Described by the Washington Post as “America’s funniest science writer,” Roach is the author of five books, including Stiff: The Curious Lives of Human Cadavers and Gulp: Adventures on the Alimentary Canal, to be published in April. Her recent trip to Dinosaur National Monument exceeded all expectations. “It was my first visit, and I was kind of imagining a single T. rex skeleton out in the middle of the desert,” she says. “But as soon as you get there and you walk into the exhibit hall, you see a massive wall of dinosaur bones, and it’s astonishing.”
A science writer with a PhD in biology, Borrell has studied frogs, snakes and insects in Central America, but nothing quite prepared him for the world’s largest lizards, the Komodo dragons of Indonesia. “The most startling thing is their intelligence,” he says. “There’s this cunning way that they gaze into your eyes.”
In writing two books about the father of the theory of evolution— Darwin and the Barnacle and Darwin’s Ghosts—Stott came to view the naturalist’s house and garden in Kent as crucial to his work. “It’s where he studied nature most closely,” she says. “As he walked around, he’d see plants and animals constantly coming into and going out of being.”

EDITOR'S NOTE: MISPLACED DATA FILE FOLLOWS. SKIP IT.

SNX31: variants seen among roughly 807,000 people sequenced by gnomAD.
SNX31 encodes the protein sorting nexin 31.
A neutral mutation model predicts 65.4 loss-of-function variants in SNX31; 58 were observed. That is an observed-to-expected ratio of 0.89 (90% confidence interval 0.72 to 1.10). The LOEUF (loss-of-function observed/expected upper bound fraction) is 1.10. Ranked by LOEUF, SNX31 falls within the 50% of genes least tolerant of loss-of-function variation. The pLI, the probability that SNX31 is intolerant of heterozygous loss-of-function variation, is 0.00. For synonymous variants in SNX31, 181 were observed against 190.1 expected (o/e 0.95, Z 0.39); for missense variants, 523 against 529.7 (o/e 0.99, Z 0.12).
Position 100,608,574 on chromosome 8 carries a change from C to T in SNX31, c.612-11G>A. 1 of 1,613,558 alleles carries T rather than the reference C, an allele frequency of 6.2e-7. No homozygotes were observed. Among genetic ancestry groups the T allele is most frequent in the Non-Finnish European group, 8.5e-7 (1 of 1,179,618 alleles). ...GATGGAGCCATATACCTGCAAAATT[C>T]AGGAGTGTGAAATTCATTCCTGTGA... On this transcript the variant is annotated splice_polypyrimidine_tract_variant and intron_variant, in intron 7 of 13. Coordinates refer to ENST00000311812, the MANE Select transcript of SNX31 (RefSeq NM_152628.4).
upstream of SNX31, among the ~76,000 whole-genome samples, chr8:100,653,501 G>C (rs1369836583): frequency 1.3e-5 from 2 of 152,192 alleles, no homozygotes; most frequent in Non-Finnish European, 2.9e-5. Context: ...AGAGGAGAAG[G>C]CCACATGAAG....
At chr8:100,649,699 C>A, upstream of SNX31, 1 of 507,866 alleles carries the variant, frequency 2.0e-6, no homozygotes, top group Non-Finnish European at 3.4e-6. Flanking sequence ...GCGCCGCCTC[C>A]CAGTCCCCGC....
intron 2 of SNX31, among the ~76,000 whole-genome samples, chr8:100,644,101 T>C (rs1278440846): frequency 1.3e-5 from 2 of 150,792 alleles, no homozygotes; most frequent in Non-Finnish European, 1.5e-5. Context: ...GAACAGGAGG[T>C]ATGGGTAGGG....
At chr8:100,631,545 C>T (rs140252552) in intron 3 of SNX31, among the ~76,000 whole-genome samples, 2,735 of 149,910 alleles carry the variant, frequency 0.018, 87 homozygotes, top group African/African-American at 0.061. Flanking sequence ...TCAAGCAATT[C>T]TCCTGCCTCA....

A biographer and novelist obsessed with mystery, Stashower’s newest book, The Hour of Peril, recounts a real-world thriller: the pre-Civil War attempt to assassinate Lincoln. “The story got pushed aside by urgencies of the time,” he says, “but if it’d been successful, the results would have been explosive.”
Patricia O’Conner and Stewart Kellerman
O’Conner and Kellerman, husband and wife, are the authors of Origins of the Specious: Myths and Misconceptions of the English Language. Their essay examines, among other things, why we think (incorrectly!) it’s a sin to cavalierly split infinitives.
The author of two books, including Freedom’s Cap: The United States Capitol and the Coming of the Civil War, Gugliotta has previously written for Smithsonian about humankind’s migration out of Africa. Now he turns his attention to theories suggesting that the peopling of North America occurred thousands of years earlier than long assumed. “We have some new ideas for when people first got here,” he says. “The next question, in my mind: Who exactly were they?”
An animator and illustrator, Martin took on the challenge of creating a cover image for our story about the earliest inhabitants of North America. “A montage I’d already made for my own amusement was the starting point,” he says. “But I soon found out how difficult it is to depict people when we have no idea what they actually looked like.”